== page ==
It is true I have spoke, and as you say, and as I meant, not brilliantly. Le mieux est l’ennemi du bien is a very favourite maxim of mine. Perhaps, as this is one of my great undertakings, it is more owing to you than to any other motive.
Conscientious attendance proved a strain: ‘Good God,’ he wrote to Carlisle, 29 Dec., after a long speech by David Hartley, ‘I shudder even now at the thoughts of it. No one can have a complete idea of a bore who has not been in Parliament.’ He himself never spoke again in the House. ‘What is he employing himself about?’ wrote Selwyn in exasperation to Carlisle, early the following year. ‘Why won’t he attempt to say something? What signifies knowing what Cicero said, and how he said it, if a man cannot open his mouth to deliver one sentiment of his own.’
When in 1778 Carlisle went to America as head of the conciliatory commission, Storer went as his assistant. In 1780 he was returned for Morpeth on Carlisle’s interest. In January 1781, after violent hurricanes in the West Indies had affected the family fortunes, Storer applied to North for a vacancy at the Board of Trade. Selwyn reported to Carlisle on the 28th that he had an air ‘forte triste; he told me that he should put down his horses, and it may be that he must be obliged to retrench many other expenses if this succour of the Board of Trade is not administered to him’. Storer himself wrote to Carlisle on 5 Feb.:
I assure you that I have had neither pride nor false delicacy hitherto in any application ... that I thought might be of service. I have worked with Lady North and George North. Others have done so for me with Miss North. Le père de famille, Lord Guilford, has not been neglected ... I have left nobody unsolicited that has any access to Lord North except Keene.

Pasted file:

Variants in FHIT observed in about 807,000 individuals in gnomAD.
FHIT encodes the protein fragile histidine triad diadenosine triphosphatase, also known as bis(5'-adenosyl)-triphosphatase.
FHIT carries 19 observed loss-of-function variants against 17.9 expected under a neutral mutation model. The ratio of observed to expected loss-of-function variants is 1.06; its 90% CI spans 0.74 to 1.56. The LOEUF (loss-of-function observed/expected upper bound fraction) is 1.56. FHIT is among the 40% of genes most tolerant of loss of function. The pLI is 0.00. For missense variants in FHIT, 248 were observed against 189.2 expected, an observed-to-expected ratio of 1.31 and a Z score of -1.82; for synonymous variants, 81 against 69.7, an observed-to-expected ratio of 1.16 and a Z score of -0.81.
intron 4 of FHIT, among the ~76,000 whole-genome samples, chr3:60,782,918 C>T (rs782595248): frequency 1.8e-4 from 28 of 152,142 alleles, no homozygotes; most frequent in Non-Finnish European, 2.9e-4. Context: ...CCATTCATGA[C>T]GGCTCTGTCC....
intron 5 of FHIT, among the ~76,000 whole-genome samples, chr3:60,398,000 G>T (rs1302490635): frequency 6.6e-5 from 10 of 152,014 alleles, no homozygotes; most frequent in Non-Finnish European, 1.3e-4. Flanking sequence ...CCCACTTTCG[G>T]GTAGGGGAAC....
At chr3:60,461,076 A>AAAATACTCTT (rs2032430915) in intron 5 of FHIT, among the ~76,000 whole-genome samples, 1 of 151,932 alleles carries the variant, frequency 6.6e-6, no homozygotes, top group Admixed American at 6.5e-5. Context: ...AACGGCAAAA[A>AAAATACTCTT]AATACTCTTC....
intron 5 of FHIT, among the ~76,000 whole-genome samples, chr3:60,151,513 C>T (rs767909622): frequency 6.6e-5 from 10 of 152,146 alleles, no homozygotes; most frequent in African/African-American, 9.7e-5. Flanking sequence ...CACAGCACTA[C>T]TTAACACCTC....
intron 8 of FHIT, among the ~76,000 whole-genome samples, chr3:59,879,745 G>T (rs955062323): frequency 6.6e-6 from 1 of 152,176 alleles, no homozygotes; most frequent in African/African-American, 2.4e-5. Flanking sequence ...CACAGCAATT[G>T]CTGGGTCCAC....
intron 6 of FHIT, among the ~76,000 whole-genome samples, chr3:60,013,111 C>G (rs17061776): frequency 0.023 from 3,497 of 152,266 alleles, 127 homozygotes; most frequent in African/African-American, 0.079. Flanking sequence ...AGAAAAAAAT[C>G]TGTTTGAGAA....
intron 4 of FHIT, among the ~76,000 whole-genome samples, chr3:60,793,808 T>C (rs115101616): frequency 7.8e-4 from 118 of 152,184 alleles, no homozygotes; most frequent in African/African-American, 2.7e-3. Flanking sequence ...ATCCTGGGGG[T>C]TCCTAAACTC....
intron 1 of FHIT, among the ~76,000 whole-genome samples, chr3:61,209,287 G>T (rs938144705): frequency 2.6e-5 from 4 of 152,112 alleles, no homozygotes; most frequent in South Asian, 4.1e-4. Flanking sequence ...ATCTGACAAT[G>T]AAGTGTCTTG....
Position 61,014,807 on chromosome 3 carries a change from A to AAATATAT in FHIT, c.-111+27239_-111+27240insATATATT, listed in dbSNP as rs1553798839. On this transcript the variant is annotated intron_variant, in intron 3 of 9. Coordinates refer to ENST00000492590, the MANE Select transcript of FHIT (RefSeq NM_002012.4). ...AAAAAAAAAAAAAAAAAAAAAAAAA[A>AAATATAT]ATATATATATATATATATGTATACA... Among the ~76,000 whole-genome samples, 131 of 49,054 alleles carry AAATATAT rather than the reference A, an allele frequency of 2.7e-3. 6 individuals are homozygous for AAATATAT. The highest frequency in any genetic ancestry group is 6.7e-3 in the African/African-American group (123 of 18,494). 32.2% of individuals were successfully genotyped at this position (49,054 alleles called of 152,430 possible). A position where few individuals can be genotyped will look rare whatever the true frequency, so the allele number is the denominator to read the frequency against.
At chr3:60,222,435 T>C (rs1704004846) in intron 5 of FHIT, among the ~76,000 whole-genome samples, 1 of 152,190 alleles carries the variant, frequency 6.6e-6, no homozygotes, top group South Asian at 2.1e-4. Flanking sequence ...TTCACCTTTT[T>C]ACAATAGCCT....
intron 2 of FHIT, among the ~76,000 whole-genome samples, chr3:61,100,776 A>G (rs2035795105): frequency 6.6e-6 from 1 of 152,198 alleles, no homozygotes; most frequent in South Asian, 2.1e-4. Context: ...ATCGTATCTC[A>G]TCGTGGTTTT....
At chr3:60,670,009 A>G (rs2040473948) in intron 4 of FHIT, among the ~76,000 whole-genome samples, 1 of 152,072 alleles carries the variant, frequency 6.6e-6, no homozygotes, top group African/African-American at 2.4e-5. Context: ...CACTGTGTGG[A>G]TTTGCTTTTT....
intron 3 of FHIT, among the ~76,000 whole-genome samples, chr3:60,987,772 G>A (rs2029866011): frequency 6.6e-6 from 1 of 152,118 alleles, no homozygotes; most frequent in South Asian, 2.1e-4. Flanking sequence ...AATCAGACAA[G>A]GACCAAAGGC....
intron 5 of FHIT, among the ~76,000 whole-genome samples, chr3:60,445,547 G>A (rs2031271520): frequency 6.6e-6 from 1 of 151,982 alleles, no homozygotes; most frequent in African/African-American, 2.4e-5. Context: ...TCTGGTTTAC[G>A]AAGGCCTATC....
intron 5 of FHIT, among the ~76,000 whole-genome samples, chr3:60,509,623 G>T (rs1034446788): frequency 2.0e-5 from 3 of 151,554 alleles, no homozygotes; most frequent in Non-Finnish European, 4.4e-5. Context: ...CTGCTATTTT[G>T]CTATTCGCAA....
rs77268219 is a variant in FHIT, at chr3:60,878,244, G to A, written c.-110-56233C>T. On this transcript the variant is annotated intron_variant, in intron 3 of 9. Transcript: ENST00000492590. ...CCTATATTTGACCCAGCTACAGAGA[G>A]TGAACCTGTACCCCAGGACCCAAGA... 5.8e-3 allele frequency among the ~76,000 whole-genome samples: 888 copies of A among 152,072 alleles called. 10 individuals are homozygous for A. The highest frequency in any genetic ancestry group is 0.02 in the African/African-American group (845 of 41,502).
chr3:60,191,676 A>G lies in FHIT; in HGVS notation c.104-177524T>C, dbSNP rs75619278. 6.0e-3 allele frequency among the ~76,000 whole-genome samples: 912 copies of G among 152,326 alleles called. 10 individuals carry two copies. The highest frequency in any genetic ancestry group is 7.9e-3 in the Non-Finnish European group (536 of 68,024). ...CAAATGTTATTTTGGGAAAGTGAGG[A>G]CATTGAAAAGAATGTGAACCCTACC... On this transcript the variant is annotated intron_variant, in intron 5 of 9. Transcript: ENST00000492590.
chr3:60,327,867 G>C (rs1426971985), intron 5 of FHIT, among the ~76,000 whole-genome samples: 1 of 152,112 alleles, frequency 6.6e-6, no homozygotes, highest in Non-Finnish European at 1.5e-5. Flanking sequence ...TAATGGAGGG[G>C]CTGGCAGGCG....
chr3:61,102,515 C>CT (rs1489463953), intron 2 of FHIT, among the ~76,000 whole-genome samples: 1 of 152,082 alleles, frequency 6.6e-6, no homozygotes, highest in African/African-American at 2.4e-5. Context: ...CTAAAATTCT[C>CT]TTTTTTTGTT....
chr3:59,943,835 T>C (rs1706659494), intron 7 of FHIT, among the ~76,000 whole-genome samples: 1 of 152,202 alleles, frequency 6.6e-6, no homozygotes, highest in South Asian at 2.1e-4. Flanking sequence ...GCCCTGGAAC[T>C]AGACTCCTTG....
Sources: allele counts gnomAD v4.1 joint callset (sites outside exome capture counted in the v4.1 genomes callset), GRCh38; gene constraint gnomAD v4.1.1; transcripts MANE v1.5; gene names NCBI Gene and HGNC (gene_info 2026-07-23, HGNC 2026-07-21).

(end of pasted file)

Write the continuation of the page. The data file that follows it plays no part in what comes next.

But on 28 Feb., when he had still heard nothing: ‘If I had known how disagreeable it was to ask a favour of Lord North, I really believe nothing would have persuaded me to apply to him.’ Besides, he was now anxious lest vacating his seat might endanger Carlisle’s interest at Morpeth, and wrote on 1 Mar.:
For God’s sake do not let me proceed one step further in my application to Lord North, if the object of my pursuit clashes in the most distant manner with your interest ... It is undoubtedly true that having served Government fairly and honestly, as far as a petit monsieur could, one rather feels a right, for more reasons than merely interested ones, to share, as Burke says, the loaves and fishes; but I am sure that I shall never dream about my pretensions ... if my success be attended with the suspicion or shadow of the smallest inconvenience to you.